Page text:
I always do this with a used item, unless the price is a steal. Sometimes, people post used Glocks here on the classifieds or on armslist, hoping to get back what they paid for the gun That isn't going to happen.

If you are selling a gently used G19gen3, you can't expect to get more than $450 out of it, even with upgrades. I generally offer what I think the gun is worth, and I hope no offense is taken.

uhlawpup
11-13-2012, 09:05
I am not ashamed to offer what an item is worth to me. If I get no reply, so be it. If I get some nasty remarks, I say a prayer for the person.

On my last three cars, I've done my homework and know what price I am willing to pay. After the sales human gives me a price, I give him my best offer and tell him that, to save his valuable time, that is really it. Total. Drive out. Each time, it was accepted without question, probably because my price was pretty close to the least they could sell for. Once, some time ago, my price was refused. We shook hands and parted on friendly-enough terms that the next car I bought was from that salesman.

I don't like haggling, so my method works for me. Your mileage may vary.

frizz
11-13-2012, 09:13
This is something that can work with any merchant. Instead of asking for a discount, ask to get them to throw something in if they have something else you want.

Say you are buying a digital camera, ask for a memory card. Here, you can get something that you were going to buy anyway, and the seller moves merchandise instead of getting less cash. Everybody is happy.

A similar tactic is to also ask for another item (say a LCD TV along with a Tivo) and ask for both at a discount. Similar concept; the seller may not have received the full asking price, but he has moved more inventory.

Free service thrown in can often be a huge mutual win. Buy a car stereo, and ask for free installation. If the installers are not too busy, and they are on a fixed pay, this comes off the seller's "slack" and costs him NOTHING. They really love this one.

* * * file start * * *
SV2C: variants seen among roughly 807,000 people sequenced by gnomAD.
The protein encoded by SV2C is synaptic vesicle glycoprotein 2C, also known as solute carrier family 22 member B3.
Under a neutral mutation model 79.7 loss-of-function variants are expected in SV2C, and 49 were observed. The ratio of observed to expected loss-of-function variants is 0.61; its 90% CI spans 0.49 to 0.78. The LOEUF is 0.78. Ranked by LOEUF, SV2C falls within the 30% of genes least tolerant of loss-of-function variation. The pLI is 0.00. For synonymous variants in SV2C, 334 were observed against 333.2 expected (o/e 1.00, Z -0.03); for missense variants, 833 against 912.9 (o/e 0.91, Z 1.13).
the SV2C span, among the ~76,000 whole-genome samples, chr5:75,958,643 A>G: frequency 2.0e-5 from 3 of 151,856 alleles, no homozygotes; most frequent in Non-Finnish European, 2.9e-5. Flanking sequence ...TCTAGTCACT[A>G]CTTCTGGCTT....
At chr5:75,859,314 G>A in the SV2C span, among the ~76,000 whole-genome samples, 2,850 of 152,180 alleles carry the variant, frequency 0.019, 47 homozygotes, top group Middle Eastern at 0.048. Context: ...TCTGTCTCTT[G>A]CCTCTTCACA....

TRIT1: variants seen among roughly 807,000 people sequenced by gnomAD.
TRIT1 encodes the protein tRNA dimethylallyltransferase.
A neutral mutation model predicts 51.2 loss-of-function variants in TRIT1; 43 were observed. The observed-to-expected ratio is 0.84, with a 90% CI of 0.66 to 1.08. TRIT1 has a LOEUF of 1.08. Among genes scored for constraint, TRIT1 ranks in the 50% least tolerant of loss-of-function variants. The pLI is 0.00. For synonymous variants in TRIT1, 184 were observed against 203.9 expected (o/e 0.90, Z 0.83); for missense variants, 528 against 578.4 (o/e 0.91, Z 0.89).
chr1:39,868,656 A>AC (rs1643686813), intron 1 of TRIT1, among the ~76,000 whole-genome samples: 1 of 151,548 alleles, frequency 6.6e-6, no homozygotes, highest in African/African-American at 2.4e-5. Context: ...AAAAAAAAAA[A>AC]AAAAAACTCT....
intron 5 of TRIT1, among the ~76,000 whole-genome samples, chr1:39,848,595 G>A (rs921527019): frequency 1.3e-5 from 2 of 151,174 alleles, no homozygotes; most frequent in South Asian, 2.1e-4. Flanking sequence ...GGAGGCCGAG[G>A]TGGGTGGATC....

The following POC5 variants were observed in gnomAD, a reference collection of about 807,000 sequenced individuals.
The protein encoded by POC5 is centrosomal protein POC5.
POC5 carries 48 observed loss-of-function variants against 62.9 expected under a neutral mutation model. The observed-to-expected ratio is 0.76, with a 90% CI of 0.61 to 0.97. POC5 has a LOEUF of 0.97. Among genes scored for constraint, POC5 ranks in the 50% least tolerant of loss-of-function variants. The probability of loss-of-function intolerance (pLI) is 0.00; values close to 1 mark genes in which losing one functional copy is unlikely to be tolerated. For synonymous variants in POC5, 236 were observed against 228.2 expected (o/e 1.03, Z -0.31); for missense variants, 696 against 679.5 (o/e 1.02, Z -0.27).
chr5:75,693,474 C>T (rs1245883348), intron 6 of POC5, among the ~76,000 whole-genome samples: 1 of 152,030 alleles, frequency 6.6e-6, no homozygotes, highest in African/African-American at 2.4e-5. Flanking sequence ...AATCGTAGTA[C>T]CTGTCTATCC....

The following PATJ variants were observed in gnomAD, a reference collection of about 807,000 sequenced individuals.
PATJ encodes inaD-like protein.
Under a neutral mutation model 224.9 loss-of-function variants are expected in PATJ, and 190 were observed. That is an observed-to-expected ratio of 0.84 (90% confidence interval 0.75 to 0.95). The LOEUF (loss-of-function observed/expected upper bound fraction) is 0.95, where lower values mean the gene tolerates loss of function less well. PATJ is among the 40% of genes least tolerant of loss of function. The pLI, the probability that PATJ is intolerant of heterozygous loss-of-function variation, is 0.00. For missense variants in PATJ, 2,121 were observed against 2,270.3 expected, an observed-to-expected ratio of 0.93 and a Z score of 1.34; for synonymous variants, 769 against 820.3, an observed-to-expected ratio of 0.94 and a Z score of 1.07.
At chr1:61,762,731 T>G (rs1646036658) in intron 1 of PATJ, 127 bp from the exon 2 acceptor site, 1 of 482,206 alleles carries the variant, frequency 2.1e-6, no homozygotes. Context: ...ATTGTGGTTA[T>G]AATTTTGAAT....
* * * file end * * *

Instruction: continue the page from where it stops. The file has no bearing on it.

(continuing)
Merchants tend to be happy with package deals. I worked as a cashier/clerk at an electronics & appliances store in college, and I saw these deals all the time.

KommieforniaGlocker
11-13-2012, 09:44
You have never had a person make you a offer and when you accept....They then offer LESS....
I have made offer/then notice some "issues" I still pay the money (unless the defect was clearly hidden,seller lied about it)


Yup, I was selling a car, they had seen it once already, we drove it together...He tried to tell me noticed something was off. His wife really loved the Car (It was a Volvo) and she wanted it. He is actually an Univision Newsreporter that came on channel 21 in Fresno every night.

We agreed on price so I took it off listing and add, as he told me he would pick it up on agreed day. He shows up that morning with 2,000 less (we had agreed to 12,000) in cash or cashiers check. He showed up with 10,000 cash and said take it or leave it. I told him that we had agreed on 12,000 (The car was worth alot more at the time) So I politely passed, he told me "to think about it." I said no thanks, he left.

That afternoon, I was at my mom's house having dinner and me complaining about idiot, and my aunt called mom talks to her, turns out she wants out, and will pay the 12,000. (My cousin/Her son is a Volvo Mechanic at dealer) said he will check it out.